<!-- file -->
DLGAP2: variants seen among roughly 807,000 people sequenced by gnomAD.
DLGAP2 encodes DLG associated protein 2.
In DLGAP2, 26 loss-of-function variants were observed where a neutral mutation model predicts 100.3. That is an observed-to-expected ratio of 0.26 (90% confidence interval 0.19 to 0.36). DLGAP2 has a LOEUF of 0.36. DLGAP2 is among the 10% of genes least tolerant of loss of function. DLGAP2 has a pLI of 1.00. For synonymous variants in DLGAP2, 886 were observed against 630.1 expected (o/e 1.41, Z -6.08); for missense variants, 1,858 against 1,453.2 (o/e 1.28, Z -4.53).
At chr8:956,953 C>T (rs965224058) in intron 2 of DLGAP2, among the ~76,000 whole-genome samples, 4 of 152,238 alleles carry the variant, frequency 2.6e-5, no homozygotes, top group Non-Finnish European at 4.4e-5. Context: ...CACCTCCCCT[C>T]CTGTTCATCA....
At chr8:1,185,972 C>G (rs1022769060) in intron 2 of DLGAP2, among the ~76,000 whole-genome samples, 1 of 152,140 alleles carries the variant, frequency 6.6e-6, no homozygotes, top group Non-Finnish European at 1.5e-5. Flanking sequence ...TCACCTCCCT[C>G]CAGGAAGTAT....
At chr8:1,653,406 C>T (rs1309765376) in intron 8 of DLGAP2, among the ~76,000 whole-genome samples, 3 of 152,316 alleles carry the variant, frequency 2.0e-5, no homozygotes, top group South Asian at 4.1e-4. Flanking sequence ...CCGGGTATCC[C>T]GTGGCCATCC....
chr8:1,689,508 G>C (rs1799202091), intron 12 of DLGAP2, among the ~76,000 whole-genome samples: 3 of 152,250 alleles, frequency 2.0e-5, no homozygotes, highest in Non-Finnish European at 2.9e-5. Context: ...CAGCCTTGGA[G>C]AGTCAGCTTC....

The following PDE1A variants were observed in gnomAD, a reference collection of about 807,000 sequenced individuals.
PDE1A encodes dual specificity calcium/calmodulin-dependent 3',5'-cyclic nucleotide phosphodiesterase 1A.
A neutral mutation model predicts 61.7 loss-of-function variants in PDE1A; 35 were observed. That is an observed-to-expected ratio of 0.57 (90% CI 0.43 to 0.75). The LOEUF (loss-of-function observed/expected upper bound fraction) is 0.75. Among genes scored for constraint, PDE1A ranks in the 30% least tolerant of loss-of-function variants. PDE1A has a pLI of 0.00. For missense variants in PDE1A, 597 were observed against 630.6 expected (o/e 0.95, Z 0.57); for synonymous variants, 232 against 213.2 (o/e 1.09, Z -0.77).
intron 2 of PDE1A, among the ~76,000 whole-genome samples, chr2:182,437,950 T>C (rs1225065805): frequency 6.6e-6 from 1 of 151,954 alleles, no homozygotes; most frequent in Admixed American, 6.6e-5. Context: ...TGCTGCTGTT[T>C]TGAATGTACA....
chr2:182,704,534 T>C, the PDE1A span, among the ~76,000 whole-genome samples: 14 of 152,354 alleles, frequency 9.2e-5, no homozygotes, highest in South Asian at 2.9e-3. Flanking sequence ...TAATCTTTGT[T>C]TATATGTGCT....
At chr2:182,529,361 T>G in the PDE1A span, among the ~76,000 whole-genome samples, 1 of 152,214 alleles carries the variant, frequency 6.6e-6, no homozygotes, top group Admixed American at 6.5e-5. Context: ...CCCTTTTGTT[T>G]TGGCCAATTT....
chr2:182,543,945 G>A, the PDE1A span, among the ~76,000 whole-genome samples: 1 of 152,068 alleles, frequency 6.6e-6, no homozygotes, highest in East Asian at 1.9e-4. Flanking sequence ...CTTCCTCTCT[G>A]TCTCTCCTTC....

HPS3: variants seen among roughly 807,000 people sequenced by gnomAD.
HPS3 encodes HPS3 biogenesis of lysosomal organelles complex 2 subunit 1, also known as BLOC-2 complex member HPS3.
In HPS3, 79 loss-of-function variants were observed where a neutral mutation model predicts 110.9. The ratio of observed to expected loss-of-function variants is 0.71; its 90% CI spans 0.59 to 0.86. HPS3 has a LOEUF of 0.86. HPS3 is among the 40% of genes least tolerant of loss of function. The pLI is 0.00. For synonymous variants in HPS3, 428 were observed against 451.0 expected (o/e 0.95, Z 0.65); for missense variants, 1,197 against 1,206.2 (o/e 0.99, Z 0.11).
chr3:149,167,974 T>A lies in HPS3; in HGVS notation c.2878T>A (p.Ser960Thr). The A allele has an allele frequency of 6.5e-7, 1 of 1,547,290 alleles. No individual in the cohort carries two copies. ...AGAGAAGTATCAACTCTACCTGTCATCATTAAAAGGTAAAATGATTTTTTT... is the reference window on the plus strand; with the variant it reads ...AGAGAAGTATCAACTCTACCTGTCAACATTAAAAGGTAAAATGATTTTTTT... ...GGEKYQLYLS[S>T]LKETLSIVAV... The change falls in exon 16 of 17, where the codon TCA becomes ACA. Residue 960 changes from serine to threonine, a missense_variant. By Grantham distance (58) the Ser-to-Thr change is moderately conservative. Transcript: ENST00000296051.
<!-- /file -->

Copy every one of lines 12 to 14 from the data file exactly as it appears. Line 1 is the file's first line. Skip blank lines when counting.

chr2:182,704,534 T>C, the PDE1A span, among the ~76,000 whole-genome samples: 14 of 152,354 alleles, frequency 9.2e-5, no homozygotes, highest in South Asian at 2.9e-3. Flanking sequence ...TAATCTTTGT[T>C]TATATGTGCT....
At chr2:182,529,361 T>G in the PDE1A span, among the ~76,000 whole-genome samples, 1 of 152,214 alleles carries the variant, frequency 6.6e-6, no homozygotes, top group Admixed American at 6.5e-5. Context: ...CCCTTTTGTT[T>G]TGGCCAATTT....
chr2:182,543,945 G>A, the PDE1A span, among the ~76,000 whole-genome samples: 1 of 152,068 alleles, frequency 6.6e-6, no homozygotes, highest in East Asian at 1.9e-4. Flanking sequence ...CTTCCTCTCT[G>A]TCTCTCCTTC....